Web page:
• Marco has a reputation of building good products: from Tumblr, Instapaper and The Magazine. People trust him.

This didn’t happen overnight. It took him a long time to get to this point. As far as I remember Instapaper dates back to 2008 if not earlier.

So if you are thinking “all I need is 15 months of hard work to build a good product then I will make ~165k a year in revenue” you are wrong. The right way to read his post is:

If you have this kind of online presence AND built this kind of trust AND built a good product then you can aim for that range of revenue.

Clearly there can be exceptions. A developer/team that you have never heard of builds a great product and boom, instant success (and huge sales). That has the same probabilities of winning at Blackjack, without counting :)

The lesson I take from Marco’s post is: besides building a good product, build an audience that trusts you.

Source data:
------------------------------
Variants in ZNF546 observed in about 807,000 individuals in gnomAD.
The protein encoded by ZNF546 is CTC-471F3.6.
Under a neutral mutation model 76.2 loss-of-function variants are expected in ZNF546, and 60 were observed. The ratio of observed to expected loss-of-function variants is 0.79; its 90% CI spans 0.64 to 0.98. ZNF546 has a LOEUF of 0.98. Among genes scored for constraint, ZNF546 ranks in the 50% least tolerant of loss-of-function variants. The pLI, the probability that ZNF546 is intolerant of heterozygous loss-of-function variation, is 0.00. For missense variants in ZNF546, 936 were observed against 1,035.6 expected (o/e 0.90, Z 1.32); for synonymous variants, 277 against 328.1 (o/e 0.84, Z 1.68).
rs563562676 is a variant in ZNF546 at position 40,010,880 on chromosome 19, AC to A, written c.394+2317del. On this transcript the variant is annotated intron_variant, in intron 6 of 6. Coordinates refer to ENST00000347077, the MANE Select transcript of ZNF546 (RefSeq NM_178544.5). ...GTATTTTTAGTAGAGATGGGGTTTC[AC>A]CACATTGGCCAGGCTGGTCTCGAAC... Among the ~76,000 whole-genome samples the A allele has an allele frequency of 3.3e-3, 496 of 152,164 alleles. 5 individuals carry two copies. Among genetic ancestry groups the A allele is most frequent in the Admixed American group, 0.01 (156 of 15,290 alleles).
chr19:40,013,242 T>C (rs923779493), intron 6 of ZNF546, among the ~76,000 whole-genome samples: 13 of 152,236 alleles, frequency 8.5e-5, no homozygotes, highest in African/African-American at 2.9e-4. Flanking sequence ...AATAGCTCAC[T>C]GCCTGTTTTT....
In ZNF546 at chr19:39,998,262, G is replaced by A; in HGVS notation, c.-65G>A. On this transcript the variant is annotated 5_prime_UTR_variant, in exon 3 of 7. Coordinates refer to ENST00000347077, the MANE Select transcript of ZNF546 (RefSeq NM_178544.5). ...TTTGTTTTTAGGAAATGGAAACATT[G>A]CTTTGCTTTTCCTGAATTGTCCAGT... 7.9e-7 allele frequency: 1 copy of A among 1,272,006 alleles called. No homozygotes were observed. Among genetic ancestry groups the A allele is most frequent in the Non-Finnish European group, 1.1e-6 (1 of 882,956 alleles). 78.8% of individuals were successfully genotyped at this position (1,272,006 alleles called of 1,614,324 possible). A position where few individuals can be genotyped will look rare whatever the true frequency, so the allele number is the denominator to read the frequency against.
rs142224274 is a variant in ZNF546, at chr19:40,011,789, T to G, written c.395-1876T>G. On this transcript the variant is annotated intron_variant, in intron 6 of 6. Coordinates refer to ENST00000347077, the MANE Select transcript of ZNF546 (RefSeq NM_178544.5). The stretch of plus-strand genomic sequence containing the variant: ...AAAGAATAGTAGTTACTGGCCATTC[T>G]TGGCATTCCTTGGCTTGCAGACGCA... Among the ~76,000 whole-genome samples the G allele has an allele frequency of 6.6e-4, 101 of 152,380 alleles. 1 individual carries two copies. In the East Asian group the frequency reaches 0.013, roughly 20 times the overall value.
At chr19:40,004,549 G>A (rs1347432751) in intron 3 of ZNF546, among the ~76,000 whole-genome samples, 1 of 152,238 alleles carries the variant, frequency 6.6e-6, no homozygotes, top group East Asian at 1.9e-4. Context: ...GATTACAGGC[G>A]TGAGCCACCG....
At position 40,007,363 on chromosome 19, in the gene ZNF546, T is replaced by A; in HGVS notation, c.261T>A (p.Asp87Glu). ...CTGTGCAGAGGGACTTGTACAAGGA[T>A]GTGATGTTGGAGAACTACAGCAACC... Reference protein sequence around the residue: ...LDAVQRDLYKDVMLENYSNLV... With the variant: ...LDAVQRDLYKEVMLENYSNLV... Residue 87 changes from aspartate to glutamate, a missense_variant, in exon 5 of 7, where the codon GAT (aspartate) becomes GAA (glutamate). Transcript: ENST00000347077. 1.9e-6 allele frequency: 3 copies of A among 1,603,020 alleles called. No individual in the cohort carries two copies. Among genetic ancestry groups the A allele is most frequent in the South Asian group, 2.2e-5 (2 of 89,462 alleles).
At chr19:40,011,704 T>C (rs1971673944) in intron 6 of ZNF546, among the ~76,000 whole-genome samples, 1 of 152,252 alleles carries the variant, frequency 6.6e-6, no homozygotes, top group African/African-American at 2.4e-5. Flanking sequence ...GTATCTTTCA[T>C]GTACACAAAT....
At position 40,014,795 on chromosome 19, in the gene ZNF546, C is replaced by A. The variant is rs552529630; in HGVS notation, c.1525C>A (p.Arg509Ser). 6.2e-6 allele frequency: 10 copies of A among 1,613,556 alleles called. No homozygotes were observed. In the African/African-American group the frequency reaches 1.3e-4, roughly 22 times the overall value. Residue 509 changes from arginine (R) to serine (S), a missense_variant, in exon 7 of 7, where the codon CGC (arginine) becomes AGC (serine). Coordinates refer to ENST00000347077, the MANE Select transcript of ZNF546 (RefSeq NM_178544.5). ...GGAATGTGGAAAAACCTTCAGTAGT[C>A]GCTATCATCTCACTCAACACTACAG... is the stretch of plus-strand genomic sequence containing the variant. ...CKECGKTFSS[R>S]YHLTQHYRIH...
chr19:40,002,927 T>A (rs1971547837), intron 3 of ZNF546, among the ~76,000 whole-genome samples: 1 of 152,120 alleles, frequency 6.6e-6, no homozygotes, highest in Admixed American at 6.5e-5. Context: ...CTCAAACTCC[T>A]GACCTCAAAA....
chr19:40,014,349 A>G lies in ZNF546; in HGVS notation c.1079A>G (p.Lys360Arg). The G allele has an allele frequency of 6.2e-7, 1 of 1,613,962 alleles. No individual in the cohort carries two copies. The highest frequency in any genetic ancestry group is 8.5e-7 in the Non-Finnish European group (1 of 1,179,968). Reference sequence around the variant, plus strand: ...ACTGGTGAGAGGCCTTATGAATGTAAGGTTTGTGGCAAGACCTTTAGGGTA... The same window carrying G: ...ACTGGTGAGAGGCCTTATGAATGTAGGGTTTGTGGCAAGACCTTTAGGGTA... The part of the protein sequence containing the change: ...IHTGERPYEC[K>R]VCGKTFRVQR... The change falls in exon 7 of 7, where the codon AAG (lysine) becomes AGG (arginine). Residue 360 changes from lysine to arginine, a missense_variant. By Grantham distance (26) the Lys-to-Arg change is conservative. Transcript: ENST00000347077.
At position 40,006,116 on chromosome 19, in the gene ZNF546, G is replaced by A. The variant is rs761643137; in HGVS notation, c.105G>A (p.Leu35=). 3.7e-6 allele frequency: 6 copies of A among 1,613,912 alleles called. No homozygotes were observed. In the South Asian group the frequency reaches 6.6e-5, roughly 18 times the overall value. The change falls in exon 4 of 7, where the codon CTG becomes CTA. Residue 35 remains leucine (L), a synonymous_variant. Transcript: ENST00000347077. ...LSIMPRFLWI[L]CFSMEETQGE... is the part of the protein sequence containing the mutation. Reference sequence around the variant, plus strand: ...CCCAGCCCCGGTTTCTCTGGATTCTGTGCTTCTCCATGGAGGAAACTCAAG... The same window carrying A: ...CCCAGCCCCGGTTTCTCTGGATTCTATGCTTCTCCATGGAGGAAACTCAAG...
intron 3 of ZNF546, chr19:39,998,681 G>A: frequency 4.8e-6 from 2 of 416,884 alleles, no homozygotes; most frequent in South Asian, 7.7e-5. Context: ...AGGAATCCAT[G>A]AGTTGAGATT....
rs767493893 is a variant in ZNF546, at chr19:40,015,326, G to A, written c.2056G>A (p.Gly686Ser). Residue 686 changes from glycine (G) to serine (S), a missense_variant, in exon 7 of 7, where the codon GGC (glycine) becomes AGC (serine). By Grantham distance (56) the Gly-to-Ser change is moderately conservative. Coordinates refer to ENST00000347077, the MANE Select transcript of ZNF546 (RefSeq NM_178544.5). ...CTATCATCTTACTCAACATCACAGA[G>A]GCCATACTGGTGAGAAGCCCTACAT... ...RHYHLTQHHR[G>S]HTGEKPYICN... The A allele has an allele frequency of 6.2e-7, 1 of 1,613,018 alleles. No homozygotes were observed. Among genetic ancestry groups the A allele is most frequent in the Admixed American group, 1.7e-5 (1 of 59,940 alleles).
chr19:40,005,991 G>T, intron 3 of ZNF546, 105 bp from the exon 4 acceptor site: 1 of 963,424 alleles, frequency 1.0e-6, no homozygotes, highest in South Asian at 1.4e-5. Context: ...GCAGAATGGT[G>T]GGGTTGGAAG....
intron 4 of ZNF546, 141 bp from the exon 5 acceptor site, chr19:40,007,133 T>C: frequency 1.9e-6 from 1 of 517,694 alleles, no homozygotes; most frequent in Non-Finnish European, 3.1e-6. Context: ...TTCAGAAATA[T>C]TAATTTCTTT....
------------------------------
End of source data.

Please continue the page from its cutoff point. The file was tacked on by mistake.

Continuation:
Where’s That App?

Tons of words have been written about the problems that developers have with the App Store:

I enjoy a lot the fact that whenever I buy a new machine or install a new version of Mac OS X all the apps are “there”, in the list of my purchases. It’s just a matter of clicking on a bunch on “Install” buttons and wait. With third party software is a bit more complicated:

  • Go to the website of the app
  • Download it
  • Find license token and enter it

The App Store app collapses all these actions in one click, it’s a huge win for the final customer. There are drawbacks though. This is my recent experience.

I recently installed Yosemite on one of my Macs and I started digging through the list of purchased apps as I usually do. While some where downloading I wanted to write a blog post so I looked for Clean Writer Pro, a very nice and simple app that I bought a while ago. It wasn’t in the list of my purchases. It’s not unusual to experience glitches like this in the App Store app. So I ran a quick Google search and ended up on the app website. I clicked the black button and: